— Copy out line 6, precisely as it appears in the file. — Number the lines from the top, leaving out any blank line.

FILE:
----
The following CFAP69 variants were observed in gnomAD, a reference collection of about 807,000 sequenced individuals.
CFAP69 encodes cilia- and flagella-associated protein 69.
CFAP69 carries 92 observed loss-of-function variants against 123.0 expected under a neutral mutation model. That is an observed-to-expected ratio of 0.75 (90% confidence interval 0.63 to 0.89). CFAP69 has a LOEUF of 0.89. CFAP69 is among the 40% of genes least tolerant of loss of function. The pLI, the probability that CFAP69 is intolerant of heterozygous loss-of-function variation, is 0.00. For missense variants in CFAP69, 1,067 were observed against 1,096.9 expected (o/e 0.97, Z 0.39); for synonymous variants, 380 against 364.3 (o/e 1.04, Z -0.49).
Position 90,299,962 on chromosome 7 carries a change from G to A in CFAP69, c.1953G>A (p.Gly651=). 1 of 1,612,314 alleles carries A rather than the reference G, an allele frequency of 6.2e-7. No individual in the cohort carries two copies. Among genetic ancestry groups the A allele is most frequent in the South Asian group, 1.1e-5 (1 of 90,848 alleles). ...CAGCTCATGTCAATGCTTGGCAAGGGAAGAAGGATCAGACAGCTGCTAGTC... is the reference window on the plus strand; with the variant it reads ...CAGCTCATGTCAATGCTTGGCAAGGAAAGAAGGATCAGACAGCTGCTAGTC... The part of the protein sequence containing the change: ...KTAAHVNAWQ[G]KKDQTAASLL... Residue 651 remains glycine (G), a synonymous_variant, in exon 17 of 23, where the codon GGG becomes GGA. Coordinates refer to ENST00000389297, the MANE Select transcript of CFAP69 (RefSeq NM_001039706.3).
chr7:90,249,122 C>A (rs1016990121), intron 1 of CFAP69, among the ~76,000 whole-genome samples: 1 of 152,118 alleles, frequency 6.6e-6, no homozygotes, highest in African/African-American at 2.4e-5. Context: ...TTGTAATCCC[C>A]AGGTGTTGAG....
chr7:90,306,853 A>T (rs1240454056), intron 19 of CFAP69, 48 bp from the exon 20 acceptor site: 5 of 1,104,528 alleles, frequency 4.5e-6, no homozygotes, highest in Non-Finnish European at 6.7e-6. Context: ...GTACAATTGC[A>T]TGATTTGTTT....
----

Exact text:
chr7:90,306,853 A>T (rs1240454056), intron 19 of CFAP69, 48 bp from the exon 20 acceptor site: 5 of 1,104,528 alleles, frequency 4.5e-6, no homozygotes, highest in Non-Finnish European at 6.7e-6. Context: ...GTACAATTGC[A>T]TGATTTGTTT....